Asian Pacific Regional Aerosol Characterization Experiments

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The Aerosol Characterization Experiments (ACE) are designed to increaseour understanding of how atmospheric aerosol particles affect the Earth?s climate system. ACE-Asia was the fourth in this series of experiments organized by the International Global Atmospheric Chemistry (IGAC) Program (A Core Project of the International Geosphere Biosphere Program). 

ACE-Asia took place during the spring of 2001 (schedule)off the coast of China, Japan and Korea (map). The ACE-Asia region includes many types of aerosol particles of widelyvarying composition and size derived from one of the largest aerosol source regions on Earth. These particles include those emitted by human activities and industrial sources, as well as wind-blown dust. Results from ACE-Asia have improved our understanding of how atmospheric aerosols influence thechemical and radiative properties of the Earth's atmosphere. Specifically: 

  1. The dust we can observe by satellite, transported half way around the globe, is not just dust, it is dust mixed with pollution. Air pollution changes dust aerosols in many ways, adding black carbon, toxic materials, and acidic gases to the mineral particles. Atmospheric chemistry and its impact on air quality and climate change are truly global issues.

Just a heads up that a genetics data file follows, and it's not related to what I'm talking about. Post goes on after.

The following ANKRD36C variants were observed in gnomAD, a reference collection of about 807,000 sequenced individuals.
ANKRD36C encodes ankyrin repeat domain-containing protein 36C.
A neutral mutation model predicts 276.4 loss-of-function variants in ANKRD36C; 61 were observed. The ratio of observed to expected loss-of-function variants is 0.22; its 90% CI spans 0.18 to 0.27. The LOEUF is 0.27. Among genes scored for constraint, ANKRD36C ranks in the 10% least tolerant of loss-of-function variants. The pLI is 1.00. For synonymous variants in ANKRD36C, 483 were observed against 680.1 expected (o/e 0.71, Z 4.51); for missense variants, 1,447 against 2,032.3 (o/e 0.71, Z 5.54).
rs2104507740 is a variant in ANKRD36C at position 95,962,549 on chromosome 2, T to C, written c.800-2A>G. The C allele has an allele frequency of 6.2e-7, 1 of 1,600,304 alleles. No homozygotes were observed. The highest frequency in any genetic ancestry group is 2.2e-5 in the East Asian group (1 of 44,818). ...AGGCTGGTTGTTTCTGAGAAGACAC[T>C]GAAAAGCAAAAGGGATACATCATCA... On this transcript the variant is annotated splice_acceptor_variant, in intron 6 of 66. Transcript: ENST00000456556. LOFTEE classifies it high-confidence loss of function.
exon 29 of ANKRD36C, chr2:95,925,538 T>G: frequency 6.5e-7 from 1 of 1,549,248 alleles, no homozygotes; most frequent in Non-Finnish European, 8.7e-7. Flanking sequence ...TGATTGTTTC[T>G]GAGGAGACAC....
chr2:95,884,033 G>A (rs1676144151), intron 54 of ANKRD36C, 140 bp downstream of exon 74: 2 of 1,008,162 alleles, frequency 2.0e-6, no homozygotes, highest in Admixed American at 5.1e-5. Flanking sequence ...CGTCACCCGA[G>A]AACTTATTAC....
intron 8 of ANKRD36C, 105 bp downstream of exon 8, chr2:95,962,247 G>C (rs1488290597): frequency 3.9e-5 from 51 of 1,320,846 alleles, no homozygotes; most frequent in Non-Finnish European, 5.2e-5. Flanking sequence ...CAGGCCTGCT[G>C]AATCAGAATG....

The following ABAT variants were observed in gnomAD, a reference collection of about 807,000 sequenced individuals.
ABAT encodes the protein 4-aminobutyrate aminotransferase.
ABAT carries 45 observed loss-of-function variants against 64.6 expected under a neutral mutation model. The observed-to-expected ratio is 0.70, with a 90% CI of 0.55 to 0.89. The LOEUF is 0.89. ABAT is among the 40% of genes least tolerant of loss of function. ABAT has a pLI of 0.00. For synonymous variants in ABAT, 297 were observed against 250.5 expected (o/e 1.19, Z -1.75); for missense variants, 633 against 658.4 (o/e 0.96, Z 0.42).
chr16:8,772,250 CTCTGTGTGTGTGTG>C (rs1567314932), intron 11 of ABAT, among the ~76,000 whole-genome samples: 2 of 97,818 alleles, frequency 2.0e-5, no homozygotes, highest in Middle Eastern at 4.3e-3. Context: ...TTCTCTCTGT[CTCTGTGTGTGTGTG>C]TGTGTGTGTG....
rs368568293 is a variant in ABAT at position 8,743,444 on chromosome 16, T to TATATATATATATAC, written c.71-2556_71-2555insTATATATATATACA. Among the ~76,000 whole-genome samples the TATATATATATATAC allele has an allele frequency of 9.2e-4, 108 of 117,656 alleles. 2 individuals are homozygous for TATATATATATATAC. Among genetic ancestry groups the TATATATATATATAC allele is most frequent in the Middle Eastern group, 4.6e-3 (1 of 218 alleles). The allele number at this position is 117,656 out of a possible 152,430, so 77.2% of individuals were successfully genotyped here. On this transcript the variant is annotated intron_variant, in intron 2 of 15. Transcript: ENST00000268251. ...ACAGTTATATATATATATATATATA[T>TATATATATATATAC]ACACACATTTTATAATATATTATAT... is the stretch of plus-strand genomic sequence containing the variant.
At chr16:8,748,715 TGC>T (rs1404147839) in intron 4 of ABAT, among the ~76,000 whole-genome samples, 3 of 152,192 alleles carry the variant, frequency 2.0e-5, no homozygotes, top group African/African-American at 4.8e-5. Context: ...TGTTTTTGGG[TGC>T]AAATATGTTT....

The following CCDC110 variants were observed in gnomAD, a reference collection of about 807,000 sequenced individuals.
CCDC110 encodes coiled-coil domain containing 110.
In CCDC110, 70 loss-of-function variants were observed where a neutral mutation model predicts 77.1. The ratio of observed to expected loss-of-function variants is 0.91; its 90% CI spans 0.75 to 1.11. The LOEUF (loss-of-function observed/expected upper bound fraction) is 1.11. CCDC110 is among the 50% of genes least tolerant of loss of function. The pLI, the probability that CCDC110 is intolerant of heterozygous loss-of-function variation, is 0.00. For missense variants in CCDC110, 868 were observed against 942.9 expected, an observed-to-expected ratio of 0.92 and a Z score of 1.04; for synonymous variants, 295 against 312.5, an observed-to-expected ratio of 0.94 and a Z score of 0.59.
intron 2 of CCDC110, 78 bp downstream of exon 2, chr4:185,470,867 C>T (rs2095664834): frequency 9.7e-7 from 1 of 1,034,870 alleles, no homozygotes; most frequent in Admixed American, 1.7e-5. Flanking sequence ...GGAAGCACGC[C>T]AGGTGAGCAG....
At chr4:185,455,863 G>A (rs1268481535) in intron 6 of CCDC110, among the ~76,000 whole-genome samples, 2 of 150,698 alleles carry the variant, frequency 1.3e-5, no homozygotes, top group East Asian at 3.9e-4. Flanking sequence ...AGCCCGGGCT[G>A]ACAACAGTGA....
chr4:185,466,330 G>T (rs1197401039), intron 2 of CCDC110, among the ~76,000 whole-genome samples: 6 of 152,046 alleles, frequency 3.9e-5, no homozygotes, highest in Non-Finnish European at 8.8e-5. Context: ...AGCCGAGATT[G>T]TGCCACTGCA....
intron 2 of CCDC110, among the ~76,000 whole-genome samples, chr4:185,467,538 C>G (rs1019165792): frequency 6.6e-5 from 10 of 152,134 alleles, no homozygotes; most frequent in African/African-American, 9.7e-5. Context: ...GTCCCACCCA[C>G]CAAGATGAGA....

3. We can not measure dust in one region and assume that dust everywhere around the Earth has the same impact on climate. The dust that is transported from East Asia to the Pacific does not absorb as much light as the dark aerosol from South Asia or some previous measurements of dust from the Sahara Desert. There are dramatic regional differences in the chemical and optical properties of aerosols.

  5. Combining ACE-Asia suborbital and satellite measurements yields monthly average (April 2001) cloud-free aerosol radiative forcing at the surface exceeding -30 W m-2 in a plume covering the Yellow Sea, East China Sea, Sea of Japan and region downwind of Japan. 

The Power Point slide presentation "What have we learned from ACE-Asia", presented by Barry Huebert at the Fall 2002 Meeting of the American Geophysical Union can be downloaded here.

Additional information about ACE - Asia can be found in the Project Prospectus.